Tuesday, January 21, 2014


      In 2005, I decided to try my hand at professional writing. Once of my students, Dennis Mace, had told me that he and many of his classmates enjoyed essays I'd written about my teacher, my classmates, and myself. So, my busy little fingers went to work on my keyboard and I began to write. And edit. And write. And edit...
      I was living in Unionville, Iowa at this time. For those of you who are unfamiliar with this place (and why on earth would you be?), it is a village of about 100 people, including dogs, babies, and chickens. It features only two real streets – Front Street and Back Street – and most of its inhabitants make their livings by working at local factories, digging in the ground, or both. And one of them aspired to be a writer.
      I had relocated there from Omaha, Nebraska, where I had run a martial arts school for many years. I thought that Unionville would be a fine place to raise my children. I had lived in both Fairfield and Ottumwa (cities in southeast Iowa) and I knew the area very well. My wife at the time was originally from Unionville.
      I had started teaching a small kung-fu class in the nearby town of Centerville and I had worked for the Wapello County Sheriff's Department.
      I was told that writing my book was a waste of time. Thousands of aspiring authors send in their manuscripts to various publishers every day; how could I possibly hope to have my book published? The odds were stacked against me. “Stop wasting your time”, the critics said. “You'll only be very disappointed in the end.”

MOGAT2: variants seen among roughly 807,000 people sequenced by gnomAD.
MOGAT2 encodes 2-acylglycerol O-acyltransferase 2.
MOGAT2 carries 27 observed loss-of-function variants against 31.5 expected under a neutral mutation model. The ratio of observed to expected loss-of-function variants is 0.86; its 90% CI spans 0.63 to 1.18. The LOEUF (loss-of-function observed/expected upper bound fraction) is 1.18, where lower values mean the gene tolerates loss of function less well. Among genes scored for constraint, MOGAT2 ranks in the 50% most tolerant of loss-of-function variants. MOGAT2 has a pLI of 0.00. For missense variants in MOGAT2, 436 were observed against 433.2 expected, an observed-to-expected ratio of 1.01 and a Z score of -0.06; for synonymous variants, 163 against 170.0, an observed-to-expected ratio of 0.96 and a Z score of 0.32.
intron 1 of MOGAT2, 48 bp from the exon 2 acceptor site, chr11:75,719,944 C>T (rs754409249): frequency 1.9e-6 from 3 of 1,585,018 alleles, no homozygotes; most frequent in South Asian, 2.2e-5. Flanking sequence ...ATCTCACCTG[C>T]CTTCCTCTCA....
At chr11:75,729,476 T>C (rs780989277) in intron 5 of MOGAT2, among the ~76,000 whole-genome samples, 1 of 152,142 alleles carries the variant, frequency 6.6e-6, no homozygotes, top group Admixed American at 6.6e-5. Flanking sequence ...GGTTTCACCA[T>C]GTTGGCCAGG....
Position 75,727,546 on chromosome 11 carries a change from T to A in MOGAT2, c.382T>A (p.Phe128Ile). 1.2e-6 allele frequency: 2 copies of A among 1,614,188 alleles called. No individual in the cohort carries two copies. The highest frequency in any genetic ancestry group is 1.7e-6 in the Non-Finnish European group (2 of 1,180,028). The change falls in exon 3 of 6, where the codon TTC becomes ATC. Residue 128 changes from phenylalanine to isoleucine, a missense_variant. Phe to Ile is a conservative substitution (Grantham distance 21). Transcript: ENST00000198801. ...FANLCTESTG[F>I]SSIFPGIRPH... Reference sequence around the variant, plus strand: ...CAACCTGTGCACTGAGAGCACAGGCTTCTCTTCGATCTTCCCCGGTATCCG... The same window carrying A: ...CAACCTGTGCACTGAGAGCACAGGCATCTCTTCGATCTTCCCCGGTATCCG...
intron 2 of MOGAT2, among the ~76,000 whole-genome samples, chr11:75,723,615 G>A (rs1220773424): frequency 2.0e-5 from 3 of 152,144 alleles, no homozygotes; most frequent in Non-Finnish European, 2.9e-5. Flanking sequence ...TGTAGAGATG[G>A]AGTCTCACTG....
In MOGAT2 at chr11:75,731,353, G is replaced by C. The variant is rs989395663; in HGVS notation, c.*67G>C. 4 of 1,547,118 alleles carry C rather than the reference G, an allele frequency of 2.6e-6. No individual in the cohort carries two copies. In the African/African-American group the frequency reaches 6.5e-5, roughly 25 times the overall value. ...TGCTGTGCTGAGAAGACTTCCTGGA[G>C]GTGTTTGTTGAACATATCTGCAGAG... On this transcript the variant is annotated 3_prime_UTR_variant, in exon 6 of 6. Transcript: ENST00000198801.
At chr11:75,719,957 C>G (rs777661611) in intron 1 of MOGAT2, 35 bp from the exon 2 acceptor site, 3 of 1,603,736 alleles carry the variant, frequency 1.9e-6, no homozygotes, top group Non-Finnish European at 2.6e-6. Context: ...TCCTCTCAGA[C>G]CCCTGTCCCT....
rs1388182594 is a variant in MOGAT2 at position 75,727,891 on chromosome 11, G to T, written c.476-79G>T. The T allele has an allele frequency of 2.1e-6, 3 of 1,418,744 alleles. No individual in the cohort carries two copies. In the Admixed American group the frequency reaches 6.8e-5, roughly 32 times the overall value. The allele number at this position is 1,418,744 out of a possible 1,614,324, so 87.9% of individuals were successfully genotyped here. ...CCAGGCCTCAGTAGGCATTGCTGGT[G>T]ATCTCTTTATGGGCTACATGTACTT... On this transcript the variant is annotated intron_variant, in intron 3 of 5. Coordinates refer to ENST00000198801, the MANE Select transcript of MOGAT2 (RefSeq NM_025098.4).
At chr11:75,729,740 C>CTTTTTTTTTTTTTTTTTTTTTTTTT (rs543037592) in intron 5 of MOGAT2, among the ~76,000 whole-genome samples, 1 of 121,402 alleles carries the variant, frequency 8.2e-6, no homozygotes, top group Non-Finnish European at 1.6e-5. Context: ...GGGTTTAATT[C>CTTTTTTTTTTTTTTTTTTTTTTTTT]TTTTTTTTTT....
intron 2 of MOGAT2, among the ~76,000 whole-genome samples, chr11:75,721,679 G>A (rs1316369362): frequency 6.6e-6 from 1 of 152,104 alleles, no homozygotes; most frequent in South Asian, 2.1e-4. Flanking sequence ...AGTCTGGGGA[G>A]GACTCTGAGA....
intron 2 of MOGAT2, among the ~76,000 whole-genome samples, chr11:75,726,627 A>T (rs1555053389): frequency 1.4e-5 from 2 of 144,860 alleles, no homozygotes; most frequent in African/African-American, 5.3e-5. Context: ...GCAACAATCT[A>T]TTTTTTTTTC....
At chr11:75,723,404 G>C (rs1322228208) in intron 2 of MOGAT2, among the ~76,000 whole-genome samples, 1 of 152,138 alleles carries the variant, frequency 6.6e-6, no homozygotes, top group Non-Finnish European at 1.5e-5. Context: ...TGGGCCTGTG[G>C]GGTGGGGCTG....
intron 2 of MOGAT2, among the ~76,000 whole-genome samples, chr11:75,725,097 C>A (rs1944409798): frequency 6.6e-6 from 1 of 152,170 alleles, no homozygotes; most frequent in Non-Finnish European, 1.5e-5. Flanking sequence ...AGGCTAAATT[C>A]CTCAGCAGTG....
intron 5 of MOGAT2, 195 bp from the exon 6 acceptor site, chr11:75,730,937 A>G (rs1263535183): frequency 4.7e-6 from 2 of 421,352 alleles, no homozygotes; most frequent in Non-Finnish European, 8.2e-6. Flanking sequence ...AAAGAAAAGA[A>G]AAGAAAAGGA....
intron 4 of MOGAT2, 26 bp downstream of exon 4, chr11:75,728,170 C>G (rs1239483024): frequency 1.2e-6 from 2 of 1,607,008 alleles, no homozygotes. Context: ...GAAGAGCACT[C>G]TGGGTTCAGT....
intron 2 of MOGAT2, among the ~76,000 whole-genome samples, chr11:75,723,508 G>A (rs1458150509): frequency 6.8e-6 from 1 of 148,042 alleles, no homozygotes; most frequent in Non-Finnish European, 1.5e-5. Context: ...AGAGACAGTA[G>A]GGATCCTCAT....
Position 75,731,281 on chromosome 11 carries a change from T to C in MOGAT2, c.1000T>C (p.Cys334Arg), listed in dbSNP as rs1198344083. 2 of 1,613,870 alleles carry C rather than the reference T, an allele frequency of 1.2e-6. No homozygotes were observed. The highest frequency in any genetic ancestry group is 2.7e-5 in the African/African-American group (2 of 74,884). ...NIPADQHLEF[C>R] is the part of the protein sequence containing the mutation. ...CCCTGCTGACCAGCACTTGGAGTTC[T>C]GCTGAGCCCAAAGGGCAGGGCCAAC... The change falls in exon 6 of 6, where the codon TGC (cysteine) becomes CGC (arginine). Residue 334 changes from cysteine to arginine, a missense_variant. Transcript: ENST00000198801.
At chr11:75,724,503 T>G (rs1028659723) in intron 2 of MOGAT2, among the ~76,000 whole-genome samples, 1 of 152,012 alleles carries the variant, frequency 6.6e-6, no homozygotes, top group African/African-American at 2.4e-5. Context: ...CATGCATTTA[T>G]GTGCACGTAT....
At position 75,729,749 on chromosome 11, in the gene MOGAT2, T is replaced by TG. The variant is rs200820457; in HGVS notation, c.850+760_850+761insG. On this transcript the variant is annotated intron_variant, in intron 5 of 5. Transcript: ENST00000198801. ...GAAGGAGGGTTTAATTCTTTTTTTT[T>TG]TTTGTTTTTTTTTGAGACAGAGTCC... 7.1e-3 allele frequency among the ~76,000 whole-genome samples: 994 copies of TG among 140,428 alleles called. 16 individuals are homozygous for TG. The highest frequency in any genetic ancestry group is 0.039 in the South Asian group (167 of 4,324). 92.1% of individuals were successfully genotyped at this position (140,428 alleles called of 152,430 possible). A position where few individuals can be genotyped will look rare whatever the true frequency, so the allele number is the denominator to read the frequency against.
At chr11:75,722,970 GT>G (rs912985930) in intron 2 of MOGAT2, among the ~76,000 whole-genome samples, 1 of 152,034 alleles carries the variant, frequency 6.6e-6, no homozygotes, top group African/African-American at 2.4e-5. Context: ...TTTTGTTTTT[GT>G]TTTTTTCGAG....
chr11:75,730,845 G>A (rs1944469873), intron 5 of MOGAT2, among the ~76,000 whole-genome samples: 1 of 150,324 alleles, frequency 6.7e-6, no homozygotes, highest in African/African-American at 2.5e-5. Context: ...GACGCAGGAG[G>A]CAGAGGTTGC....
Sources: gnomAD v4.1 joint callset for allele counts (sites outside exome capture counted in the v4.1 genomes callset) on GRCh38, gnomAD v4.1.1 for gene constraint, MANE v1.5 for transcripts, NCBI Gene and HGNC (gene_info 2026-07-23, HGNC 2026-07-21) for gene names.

But I wasn't about to throw in the towel. No. Way.
      After I'd about finished the manuscript, I reasoned that I needed to find a literary agent to help me find my way through the quagmire of the publishing industry and I was very excited to find such a man. A 6th grade black belt in Kenpo, John (not his real name) had put up a shingle as a literary agent and he was familiar with several publishing houses that specialized in martial arts books.
      John was a great help to me and taught me a great deal about professional writing. He liked my manuscript and sent sample copies to several publishers. I waited with bated breath for their replies... but none were forthcoming. The weeks passed slowly. One promising editor who worked for North Atlantic Books was mildly interested but just as my hopes had begun to rise, John called to say that the editor had gone to work for another publisher. “It happens a lot with editors”, he said.
      Then, just when I'd about given up hope, John quit working as a literary agent. “It just doesn't bring in the money fast enough”, he said. So there I agent, no publisher interested in my work. But I wouldn't give up. Nope. BUT...I was dead in the water.
      A couple of days later I had to drive into Centerville to buy a few groceries. My head had been spinning, trying to think of solutions to the problem of getting my book published but no answers were forthcoming. So, like most people do when they've tried everything else first, I prayed. I've always liked to think that the Almighty and I have developed a very close, personal relationship, especially after the tragic death of my youngest son, Christopher. In fact, you could say we're on a first-name basis; He calls me whatever He wants and I call him “Almighty God.”